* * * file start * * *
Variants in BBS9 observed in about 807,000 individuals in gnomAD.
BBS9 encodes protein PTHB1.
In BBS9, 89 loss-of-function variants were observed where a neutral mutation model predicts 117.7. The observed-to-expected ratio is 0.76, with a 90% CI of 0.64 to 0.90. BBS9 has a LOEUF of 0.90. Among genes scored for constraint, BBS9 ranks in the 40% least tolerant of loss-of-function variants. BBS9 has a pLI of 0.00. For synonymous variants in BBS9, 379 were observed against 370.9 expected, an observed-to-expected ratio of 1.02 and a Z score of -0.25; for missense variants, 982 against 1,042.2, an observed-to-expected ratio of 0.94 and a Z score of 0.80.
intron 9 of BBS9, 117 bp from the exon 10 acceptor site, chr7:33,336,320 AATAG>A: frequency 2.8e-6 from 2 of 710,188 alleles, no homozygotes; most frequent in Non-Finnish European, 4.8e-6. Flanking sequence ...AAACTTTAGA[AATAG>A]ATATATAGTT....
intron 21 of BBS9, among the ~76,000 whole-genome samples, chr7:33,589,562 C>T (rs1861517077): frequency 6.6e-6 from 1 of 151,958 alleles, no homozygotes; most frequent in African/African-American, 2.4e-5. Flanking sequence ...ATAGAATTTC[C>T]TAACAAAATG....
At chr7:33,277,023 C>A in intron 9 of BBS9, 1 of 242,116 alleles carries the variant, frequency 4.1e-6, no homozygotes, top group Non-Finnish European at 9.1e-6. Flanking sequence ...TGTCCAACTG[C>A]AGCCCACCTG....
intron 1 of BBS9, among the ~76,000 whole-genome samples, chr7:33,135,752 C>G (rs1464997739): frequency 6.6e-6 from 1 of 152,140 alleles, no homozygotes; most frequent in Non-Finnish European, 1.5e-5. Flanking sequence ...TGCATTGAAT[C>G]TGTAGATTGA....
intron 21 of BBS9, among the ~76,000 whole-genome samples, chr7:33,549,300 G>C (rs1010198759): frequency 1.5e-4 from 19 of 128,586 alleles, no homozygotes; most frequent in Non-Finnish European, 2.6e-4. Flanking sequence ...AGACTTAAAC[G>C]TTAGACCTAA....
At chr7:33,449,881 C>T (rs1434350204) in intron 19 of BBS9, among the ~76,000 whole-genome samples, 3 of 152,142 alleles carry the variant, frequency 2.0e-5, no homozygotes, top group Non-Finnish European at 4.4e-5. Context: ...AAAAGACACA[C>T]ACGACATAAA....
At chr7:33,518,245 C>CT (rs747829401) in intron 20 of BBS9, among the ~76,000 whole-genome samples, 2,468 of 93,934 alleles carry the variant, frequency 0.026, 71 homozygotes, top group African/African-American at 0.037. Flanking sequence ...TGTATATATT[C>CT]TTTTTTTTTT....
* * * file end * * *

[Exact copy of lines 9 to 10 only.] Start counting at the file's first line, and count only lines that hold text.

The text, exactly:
At chr7:33,449,881 C>T (rs1434350204) in intron 19 of BBS9, among the ~76,000 whole-genome samples, 3 of 152,142 alleles carry the variant, frequency 2.0e-5, no homozygotes, top group Non-Finnish European at 4.4e-5. Context: ...AAAAGACACA[C>T]ACGACATAAA....
At chr7:33,518,245 C>CT (rs747829401) in intron 20 of BBS9, among the ~76,000 whole-genome samples, 2,468 of 93,934 alleles carry the variant, frequency 0.026, 71 homozygotes, top group African/African-American at 0.037. Flanking sequence ...TGTATATATT[C>CT]TTTTTTTTTT....